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Insight from Business Day Focus 4.0

The Business Day Focus 4.0 Conference held at the beginning of March this year, aimed at exploring the implications of the fourth industrial revolution (4IR) on our economy and society.
The presence of leading Hi-tech companies’ CEOs as keynote speakers and in panel discussions illustrated the importance of this topic to the business world.

Below are my three main takes from the conference:

1. It is not a matter of “if” but a matter of “when” we adapt to the 4IR

According to MD Tech Accenture, Kirstan Sita, 85% of South African companies are vulnerable to future disruption (Accenture research).
One of the reasons companies fail is if they missed, or not responded fast enough, to changes in the market (Prof Bran Armstrong, Wits Business School). The more we delay our adopting to changes, the more we widen the gap.
The challenges of poor infrastructure development and the need for cities to work collaboratively towards the creation of smart cities was alerted by Liquid Telecom CEO Reshaad Sha.
It was reiterated that government has to elevate infrastructure as high priority and enable connectivity (survival need) in an equal distributed manner.

2. Technology is neutral. It is what we do with it that matters

Alison Jacobson from the Field Institute, argued that before looking at digital strategy of the business one needs to look at the business strategy and the specific needs of the business through the customers’ needs. “Do you understand your customers? Only then deploy the technology”. Competitiveness in the market and creating the competitive advantage has to be customer-centric.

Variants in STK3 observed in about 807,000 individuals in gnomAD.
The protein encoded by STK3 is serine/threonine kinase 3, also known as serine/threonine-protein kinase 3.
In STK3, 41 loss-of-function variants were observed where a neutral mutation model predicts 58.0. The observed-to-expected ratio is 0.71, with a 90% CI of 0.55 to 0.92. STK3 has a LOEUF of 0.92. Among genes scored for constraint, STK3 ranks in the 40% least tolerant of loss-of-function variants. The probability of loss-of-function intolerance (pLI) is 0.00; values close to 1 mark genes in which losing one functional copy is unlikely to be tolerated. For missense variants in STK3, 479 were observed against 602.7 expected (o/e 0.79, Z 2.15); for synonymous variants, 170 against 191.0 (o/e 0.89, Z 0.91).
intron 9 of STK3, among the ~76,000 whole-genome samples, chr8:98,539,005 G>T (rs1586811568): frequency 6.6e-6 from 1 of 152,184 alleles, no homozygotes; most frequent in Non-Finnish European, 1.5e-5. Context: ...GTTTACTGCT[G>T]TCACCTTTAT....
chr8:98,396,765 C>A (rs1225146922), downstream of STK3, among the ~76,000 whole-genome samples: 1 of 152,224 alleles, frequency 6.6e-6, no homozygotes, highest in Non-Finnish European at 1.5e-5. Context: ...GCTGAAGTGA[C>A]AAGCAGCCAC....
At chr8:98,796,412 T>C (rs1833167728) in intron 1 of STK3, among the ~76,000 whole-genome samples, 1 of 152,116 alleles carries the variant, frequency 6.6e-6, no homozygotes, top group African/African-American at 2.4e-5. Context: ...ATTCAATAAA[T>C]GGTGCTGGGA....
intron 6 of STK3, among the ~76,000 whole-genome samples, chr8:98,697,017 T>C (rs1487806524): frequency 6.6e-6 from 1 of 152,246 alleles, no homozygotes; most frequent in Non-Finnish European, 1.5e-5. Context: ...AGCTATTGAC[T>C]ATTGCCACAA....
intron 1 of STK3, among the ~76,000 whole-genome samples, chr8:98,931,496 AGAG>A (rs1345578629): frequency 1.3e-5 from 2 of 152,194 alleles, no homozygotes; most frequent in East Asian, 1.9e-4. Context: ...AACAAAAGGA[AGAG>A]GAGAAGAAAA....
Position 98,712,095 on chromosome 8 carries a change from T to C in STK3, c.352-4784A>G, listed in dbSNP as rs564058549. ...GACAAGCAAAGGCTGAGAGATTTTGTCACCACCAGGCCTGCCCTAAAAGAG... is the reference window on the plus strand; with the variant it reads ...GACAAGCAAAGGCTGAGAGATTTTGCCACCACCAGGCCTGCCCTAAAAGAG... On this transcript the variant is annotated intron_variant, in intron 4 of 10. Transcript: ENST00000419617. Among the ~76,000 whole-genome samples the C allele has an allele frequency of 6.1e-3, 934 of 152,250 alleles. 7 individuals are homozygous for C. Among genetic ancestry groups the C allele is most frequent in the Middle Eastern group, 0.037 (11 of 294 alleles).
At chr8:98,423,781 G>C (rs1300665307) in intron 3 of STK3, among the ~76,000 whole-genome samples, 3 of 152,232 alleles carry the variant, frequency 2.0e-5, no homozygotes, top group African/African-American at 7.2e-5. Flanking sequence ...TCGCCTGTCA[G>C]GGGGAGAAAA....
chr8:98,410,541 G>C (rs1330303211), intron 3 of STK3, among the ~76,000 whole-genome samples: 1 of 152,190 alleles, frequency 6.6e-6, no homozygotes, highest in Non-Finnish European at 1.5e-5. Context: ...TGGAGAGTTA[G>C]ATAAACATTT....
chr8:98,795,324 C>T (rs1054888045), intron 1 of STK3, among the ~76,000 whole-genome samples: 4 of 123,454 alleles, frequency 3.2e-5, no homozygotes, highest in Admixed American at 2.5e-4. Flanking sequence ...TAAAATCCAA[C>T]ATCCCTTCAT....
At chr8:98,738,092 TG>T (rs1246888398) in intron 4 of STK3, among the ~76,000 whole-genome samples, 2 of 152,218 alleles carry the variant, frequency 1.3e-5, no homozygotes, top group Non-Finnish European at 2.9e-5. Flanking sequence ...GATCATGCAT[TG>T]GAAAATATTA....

Devina Maharaj from Digital Investec Bank recommended “Understand the needs first, than plug the gap with the relevant tech solution”.
According to Prof Brian, there are many reasons to automate. Machines have many advantages over human being. If the first and second industrial revolutions were about ‘machines enhancing power’ the third and fourth industrial revolutions are about ‘machines enhancing human brain power’. We need to stay alert in the wake of the ‘digital vortex’ upon us and be ahead of it.

3. Range of skills are needed for the future workforce

Assaf Luxembourg, Business Development Consultant from Israel, noted that ‘technology changes fast, but culture changes are slower’. He then recommended that each individual see himself/ herself as a ‘business unit’, as the ‘CEO of themselves’ and seek to promote oneself. Adjusting to the dynamic nature of the market he says, is to think as entrepreneur and not as employee (even if you are one).
Dr Tashmia Ismail-Saville, CEO of YES, said that tech skills can be easily taught, the need is to create mechanisms to ensure that resources are available to the youth in all communities as in some of them access is limited.
The real skill needed to adjust to 4IR as noted by Alison are the abilities to identify the problem and use critical problem solving and team work.
We should ask, ‘how do we become the best version of ourselves by using technology’ and plan for our career to ensure relevance for the future.

Be ahead of the 'Digital Vortex'
Be ahead of the ‘Digital Vortex’

Technology integration